Alternative data: Twitter case study
Twitter shares finished Friday 20% down at market close after reporting a decline in monthly active users during the second quarter.
The trouble here isn’t revenue (it beat estimates) or earnings (it hit its number). Instead, it’s about a decline in “monthly active users,” a figure that was depressed for reasons like new privacy rules in Europe, a purging of fake/abusive accounts, and not moving to paid SMS carrier relationships
This event was well known before the 2Q financial report
This dashboard presents our data on facebook using news sentiment score on a scale between 0-1 (above 0.5 consider bullish sentiment and below 0.5 consider a bearish sentiment).
Twitter’s 30 days event driven score was below 0.5 thresholds (0.49) on Jul 26 a day before the financial report was published. On Jul 09, the first sign of bearish sentiment happens as the news sentiment score cross 0.5 and move down to 0.36-0.4 follow by signs of user activity may slow. On Jul 20 the stock drop 9% as the fear from fake accounts make it to the headlines.
These events were strong enough to act upon and start sale position or to enter th short positions, as the thresholds triggered twice, our clients that set up an alert for Twitter news sentiment change got a notification and was aware to the company news sentiment score and the negative change which factored in the market after the company’s financial report releases.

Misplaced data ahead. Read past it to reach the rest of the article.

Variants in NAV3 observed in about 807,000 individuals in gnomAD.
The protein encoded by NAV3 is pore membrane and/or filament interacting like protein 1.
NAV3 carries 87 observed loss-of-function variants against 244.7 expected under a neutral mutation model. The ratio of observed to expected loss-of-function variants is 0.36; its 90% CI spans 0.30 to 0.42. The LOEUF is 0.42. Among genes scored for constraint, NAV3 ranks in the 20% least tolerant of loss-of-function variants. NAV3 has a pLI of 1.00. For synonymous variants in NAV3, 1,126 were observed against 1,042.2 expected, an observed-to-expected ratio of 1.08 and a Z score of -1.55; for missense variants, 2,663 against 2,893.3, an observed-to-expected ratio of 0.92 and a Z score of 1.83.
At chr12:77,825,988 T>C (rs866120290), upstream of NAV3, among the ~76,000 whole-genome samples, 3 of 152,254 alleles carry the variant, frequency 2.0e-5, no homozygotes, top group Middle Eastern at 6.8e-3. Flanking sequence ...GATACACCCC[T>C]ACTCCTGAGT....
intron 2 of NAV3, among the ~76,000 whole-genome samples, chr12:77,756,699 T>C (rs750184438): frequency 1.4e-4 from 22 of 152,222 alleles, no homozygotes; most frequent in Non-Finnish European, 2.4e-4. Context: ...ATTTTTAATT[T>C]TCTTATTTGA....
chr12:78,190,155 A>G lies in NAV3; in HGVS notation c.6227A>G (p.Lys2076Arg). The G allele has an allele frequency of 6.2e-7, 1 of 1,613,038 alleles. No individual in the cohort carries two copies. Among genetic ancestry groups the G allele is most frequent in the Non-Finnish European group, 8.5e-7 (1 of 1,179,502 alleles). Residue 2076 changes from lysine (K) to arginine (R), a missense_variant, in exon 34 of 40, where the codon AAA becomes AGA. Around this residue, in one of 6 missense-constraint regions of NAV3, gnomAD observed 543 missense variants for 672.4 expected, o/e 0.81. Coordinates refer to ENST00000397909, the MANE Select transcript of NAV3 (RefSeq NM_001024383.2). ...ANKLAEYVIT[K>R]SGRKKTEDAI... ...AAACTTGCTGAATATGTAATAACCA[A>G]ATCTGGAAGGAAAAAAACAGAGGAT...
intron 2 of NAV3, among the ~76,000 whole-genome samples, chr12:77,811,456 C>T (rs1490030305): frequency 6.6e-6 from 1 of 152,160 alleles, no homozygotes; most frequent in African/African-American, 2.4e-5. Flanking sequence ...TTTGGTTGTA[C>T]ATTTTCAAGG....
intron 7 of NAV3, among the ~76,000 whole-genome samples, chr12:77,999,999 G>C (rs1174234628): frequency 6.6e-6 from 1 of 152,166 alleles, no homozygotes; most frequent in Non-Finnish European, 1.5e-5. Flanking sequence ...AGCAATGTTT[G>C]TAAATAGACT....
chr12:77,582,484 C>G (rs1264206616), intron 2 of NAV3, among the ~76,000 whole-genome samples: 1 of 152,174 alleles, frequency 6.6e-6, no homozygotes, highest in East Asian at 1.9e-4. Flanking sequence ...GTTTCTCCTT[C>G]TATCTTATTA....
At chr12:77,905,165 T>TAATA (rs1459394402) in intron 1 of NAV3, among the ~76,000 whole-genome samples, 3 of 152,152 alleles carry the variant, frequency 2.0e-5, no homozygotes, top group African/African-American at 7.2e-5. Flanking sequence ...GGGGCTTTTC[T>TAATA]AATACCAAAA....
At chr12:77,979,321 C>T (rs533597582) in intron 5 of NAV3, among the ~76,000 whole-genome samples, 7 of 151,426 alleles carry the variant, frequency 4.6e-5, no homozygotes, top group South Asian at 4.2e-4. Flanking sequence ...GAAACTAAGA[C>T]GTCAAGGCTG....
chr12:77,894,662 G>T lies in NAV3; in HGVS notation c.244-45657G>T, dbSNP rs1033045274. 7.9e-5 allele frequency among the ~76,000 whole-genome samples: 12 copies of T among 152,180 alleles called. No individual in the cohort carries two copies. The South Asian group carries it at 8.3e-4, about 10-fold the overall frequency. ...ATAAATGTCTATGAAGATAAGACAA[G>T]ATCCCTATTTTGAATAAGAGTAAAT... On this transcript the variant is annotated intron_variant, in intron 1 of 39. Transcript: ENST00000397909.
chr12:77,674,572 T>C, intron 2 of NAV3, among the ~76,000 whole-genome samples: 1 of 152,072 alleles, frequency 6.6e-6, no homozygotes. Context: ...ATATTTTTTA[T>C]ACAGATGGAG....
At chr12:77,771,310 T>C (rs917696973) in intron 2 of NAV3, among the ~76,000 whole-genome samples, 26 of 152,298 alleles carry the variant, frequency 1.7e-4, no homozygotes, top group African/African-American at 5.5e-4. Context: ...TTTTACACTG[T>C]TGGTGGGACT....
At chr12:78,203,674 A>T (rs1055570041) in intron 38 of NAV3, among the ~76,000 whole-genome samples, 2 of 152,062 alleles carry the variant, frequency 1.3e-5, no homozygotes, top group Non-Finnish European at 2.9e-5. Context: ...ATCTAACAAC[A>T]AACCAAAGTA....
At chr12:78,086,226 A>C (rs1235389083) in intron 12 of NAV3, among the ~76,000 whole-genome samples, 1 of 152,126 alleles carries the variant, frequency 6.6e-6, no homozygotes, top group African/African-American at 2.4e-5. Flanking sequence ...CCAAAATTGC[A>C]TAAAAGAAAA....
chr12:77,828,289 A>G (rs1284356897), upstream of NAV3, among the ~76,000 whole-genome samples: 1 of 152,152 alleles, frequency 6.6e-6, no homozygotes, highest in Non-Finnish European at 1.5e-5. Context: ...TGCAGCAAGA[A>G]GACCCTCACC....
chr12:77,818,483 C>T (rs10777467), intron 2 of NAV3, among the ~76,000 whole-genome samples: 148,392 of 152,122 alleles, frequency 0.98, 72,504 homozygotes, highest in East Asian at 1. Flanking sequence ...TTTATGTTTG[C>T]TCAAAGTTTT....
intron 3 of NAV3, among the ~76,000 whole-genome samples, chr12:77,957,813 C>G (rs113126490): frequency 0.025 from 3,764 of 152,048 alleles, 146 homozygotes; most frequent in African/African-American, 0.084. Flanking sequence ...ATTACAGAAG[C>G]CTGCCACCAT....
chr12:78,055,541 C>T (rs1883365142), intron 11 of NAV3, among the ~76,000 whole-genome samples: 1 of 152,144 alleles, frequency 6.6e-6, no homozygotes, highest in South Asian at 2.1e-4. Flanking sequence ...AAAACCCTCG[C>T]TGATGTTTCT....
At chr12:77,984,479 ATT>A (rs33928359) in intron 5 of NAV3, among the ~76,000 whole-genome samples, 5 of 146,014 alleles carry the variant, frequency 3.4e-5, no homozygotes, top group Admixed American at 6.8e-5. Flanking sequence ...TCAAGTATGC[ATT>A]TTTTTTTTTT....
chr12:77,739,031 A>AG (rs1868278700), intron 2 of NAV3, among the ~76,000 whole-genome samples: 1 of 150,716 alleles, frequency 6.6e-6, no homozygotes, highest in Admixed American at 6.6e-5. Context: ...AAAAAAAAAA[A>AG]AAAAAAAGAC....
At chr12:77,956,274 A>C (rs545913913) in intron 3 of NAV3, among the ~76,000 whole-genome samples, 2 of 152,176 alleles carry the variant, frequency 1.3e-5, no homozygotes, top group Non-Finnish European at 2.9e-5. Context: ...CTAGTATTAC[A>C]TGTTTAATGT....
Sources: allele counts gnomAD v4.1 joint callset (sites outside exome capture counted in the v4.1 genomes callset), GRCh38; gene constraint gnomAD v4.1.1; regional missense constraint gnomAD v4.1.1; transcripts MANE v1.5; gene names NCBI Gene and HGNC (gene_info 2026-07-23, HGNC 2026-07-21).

Companies that don’t monitor the news sentiment on an ongoing basis may miss the opportunity to react in advance to major events. Luckily, there are technologies that allow to analyze and monitor news sentiment score of equities and other assets classes in easy to use interactive dashboards and alerts.
Big data and NLP technologies to collect, structure, and reveal events from news articles, press releases, and financial social media and share it with our clients via dashboards or API.
(Views and recommendations given in this section are for research purposes only. Please consult your financial adviser before taking any position in the stock/s or currencies mentioned.) Neither First to invest. nor any of its officers, employees, representatives, agents or independent contractors are, in such capacities, licensed financial advisors, registered investment advisers or registered broker-dealers. First to invest does not provide investment or financial advice or make investment recommendations. Nothing contained in this communication constitutes a solicitation, recommendation, promotion, endorsement or offer by First to invest of any particular security, transaction or investment.)